However, it was after the attack on the Indian embassy in the Afghanistan capital, Kabul, on 7 July 2008 that killed more than 60 people, including four members of the Indian diplomatic staff, that protests began to be aired directly against the ISI. The Afghans immediately started claiming that the attack had been masterminded by an intelligence agency of a neighbouring country. Given the strained relations between Afghanistan and Pakistan, it was not difficult to apprehend that the Afghans were pointing the finger at Pakistan. A few days later, India made similar accusations. President Hamid Karzai of Afghanistan went on to claim that his government had convincing evidence that suggested that the attack had been masterminded by Pakistani intelligence. The American Secretary of Defense, Robert Gates, initially said that he had not seen any evidence of a Pakistani involvement, but soon afterwards, the United States position changed when the Afghan and Indian point of view was presented to the Bush administration.
In the meantime, terrorist outbursts continued and bomb blasts took place in the Indian city of Bangalore on 25 July 2008 and in Ahmedabad on 26 July 2008. Some 60 people lost their lives and many more were injured. The Indian police claimed to have found dozens of unexploded bombs in Surat and other Indian towns and cities. There was no doubt that some forces were trying to instigate communal clashes between Hindus and Muslims in India, and indeed aiming at undermining the efforts that had gone on for quite some time to develop better understanding and relations between India and Pakistan. India did not directly name the ISI for those attacks, but alleged that a Pakistani involvement in them was present even when the actual blasts may have been carried out by Indian Muslims recruited by extremist organisations.
Under the circumstances, the recent visits of Pakistan’s newly elected Prime Minister, Mr Yousaf Raza Gilani, to the United States and Sri Lanka were marred by constant barrage of questions and comments about Pakistan’s alleged inability to control the terrorists, who were receiving support from the ISI. Thus, what was supposed to be an excellent occasion to showcase his vision of Pakistan and what he hopes to achieve as prime minster became instead an embarrassing exercise in finding arguments to exonerate Pakistan from charges of inability to control rouge elements in Pakistani society.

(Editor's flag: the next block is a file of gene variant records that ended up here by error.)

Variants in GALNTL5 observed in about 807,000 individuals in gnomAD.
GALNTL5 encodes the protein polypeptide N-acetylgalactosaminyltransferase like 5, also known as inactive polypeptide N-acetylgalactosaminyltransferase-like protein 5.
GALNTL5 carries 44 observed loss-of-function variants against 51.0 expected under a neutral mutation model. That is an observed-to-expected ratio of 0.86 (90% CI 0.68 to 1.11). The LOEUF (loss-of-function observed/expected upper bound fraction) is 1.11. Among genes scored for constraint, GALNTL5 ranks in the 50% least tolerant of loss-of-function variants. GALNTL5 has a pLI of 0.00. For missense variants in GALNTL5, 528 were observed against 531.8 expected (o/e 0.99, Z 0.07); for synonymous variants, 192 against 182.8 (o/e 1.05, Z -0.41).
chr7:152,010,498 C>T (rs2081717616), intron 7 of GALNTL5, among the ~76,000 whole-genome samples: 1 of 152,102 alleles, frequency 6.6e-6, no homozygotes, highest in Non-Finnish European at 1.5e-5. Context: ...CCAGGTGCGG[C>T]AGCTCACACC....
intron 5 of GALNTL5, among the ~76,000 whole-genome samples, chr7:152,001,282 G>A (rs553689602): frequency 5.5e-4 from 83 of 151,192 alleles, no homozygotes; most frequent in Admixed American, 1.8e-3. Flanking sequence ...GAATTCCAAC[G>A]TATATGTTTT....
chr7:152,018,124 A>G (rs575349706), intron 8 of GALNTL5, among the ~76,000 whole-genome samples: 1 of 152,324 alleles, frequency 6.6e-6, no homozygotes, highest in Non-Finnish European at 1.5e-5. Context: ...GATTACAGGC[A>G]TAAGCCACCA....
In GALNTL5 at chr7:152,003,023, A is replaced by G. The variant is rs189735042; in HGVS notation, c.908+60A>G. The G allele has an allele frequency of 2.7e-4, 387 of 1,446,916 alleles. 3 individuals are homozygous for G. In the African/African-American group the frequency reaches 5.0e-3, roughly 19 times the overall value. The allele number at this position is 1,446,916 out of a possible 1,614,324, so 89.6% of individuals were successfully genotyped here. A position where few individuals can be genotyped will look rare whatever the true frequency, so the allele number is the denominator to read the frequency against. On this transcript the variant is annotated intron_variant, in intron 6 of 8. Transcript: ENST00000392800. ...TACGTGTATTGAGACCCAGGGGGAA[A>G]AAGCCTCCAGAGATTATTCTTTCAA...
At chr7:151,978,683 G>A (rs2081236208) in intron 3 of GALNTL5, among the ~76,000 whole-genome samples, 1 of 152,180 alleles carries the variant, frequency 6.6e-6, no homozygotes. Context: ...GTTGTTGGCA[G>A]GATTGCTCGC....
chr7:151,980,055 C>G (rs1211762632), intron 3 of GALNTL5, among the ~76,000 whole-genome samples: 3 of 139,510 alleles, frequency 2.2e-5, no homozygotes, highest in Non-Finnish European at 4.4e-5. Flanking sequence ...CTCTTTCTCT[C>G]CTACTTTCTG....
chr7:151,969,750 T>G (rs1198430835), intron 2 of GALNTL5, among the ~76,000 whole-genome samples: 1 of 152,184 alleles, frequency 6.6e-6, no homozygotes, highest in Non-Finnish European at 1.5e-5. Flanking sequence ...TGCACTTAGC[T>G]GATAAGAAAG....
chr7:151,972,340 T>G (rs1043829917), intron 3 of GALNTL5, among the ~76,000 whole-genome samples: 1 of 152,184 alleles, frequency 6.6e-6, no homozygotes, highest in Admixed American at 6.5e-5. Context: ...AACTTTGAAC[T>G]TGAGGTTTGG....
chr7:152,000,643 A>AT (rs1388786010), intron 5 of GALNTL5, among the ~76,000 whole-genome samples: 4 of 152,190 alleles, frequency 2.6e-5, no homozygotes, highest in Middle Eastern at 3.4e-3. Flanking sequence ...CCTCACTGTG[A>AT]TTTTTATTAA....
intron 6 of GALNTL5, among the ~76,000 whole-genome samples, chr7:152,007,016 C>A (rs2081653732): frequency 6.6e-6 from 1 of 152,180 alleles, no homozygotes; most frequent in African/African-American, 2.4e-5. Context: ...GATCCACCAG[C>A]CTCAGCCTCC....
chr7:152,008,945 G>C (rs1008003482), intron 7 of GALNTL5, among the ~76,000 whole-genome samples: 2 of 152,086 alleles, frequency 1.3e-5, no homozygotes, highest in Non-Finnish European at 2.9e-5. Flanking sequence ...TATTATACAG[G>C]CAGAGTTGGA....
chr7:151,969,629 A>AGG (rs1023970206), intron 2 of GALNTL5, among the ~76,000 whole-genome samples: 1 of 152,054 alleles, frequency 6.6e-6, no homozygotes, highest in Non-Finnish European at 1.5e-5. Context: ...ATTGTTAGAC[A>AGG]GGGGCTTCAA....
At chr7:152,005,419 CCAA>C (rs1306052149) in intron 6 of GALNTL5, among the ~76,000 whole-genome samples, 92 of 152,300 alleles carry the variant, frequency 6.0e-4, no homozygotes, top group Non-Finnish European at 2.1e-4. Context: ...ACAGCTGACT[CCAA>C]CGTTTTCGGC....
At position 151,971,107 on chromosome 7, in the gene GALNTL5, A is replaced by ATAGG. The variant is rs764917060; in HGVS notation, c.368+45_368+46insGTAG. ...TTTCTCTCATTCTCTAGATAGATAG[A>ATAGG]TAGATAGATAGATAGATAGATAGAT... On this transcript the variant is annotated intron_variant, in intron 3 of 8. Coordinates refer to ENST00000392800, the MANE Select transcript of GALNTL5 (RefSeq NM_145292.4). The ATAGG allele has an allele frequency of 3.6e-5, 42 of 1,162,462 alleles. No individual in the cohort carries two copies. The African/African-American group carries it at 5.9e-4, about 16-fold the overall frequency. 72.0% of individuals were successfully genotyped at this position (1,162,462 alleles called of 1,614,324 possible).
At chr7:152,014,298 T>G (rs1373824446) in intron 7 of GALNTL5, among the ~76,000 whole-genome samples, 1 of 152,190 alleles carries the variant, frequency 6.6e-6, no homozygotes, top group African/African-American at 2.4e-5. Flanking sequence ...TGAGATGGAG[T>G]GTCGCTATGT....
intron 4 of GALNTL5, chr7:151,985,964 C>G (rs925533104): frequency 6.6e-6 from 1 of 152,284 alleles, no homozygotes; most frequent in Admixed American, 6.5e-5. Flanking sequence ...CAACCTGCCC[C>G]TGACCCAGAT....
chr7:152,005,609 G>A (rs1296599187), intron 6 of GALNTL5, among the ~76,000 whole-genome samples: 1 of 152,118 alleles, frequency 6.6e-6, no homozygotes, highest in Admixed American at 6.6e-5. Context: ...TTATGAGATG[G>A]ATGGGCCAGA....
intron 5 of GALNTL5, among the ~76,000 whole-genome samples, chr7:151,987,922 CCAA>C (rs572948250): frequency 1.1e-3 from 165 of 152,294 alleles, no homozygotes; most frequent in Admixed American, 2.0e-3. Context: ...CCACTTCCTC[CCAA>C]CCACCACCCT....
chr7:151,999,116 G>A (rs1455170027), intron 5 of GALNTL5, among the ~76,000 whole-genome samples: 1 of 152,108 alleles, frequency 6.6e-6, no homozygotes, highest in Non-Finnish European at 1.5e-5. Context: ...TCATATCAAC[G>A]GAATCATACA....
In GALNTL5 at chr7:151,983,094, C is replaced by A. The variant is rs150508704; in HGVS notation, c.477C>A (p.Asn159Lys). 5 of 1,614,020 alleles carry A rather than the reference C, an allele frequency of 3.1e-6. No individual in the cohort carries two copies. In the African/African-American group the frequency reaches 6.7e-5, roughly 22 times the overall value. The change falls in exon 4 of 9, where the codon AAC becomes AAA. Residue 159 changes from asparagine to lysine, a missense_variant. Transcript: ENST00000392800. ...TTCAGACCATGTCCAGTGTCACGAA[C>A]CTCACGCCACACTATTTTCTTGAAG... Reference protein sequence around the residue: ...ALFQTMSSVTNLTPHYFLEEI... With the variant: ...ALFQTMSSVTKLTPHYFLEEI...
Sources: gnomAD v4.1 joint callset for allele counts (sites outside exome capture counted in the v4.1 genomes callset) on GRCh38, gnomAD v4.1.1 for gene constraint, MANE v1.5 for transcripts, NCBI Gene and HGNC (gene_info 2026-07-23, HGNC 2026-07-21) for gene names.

In the United States, President George Bush, as well as presidential candidates, Mr John McCain and Mr Barrack Obama, and other leaders whom Mr Gilani met, urged him to do much more to root out extremism and terrorism. The same were the concerns raised by the American media. The only positive gain was that the Congress voted in favour of a US$15 billion aid package to Pakistan, of which the major portion would be spent on economic development.
The South Asian Association for Regional Cooperation Summit which he attended immediately afterwards was dominated by Mr Gilani assuring his South Asian counterparts that his government was determined to fight terrorism. In an interview with a Sri Lankan newspaper, he rubbished all accusations that the ISI was involved in the Kabul bombing, asserting that it took orders from him and reported to him in accordance with requirements laid down in the Pakistan constitution. In any case, in a 45-minute long meeting with Indian Prime Minister, Dr Manmohan Singh, Mr Gilani pointed out that Pakistan too was a victim of terrorism and that both Pakistan and India should work together to fight that evil. In a separate meeting with President Karzai, he promised to carry out an investigation to find out if there was any involvement of the ISI in the Kabul bombing. The question, of course, is, does Mr Gilani enjoy real powers as the chief executive of the Pakistan government? Mr Gilani was indeed making a technically correct statement when he said that, constitutionally speaking, the ISI was under his jurisdiction and reported to him, but for all practical purposes, it is the Chief of Army Staff to whom the ISI reports and takes orders from. In the past, whenever a civilian government had tried to establish its control over the ISI by appointing a general it trusted, but who was unacceptable to the military establishment, the latter trumped over it by appointing its own men to strategic positions dealing with intelligence on internal politics. This way, the ISI continued to maintain a watch on the activities of the civilian government itself.